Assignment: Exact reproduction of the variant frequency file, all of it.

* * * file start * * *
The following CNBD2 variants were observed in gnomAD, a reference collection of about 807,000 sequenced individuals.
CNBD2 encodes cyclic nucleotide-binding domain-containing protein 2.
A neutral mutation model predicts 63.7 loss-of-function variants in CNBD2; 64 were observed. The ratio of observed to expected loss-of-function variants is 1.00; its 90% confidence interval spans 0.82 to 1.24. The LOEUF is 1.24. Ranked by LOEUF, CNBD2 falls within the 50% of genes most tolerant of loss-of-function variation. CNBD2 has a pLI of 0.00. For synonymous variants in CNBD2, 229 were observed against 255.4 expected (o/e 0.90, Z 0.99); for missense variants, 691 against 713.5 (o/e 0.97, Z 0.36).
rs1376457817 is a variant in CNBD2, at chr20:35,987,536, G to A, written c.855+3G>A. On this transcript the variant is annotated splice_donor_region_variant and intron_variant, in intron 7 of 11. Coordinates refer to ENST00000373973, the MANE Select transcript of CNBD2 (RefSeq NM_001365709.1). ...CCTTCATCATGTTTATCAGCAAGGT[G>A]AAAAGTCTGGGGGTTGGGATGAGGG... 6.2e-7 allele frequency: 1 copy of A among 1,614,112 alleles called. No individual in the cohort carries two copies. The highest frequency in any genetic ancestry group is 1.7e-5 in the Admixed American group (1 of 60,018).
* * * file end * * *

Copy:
The following CNBD2 variants were observed in gnomAD, a reference collection of about 807,000 sequenced individuals.
CNBD2 encodes cyclic nucleotide-binding domain-containing protein 2.
A neutral mutation model predicts 63.7 loss-of-function variants in CNBD2; 64 were observed. The ratio of observed to expected loss-of-function variants is 1.00; its 90% confidence interval spans 0.82 to 1.24. The LOEUF is 1.24. Ranked by LOEUF, CNBD2 falls within the 50% of genes most tolerant of loss-of-function variation. CNBD2 has a pLI of 0.00. For synonymous variants in CNBD2, 229 were observed against 255.4 expected (o/e 0.90, Z 0.99); for missense variants, 691 against 713.5 (o/e 0.97, Z 0.36).
rs1376457817 is a variant in CNBD2, at chr20:35,987,536, G to A, written c.855+3G>A. On this transcript the variant is annotated splice_donor_region_variant and intron_variant, in intron 7 of 11. Coordinates refer to ENST00000373973, the MANE Select transcript of CNBD2 (RefSeq NM_001365709.1). ...CCTTCATCATGTTTATCAGCAAGGT[G>A]AAAAGTCTGGGGGTTGGGATGAGGG... 6.2e-7 allele frequency: 1 copy of A among 1,614,112 alleles called. No individual in the cohort carries two copies. The highest frequency in any genetic ancestry group is 1.7e-5 in the Admixed American group (1 of 60,018).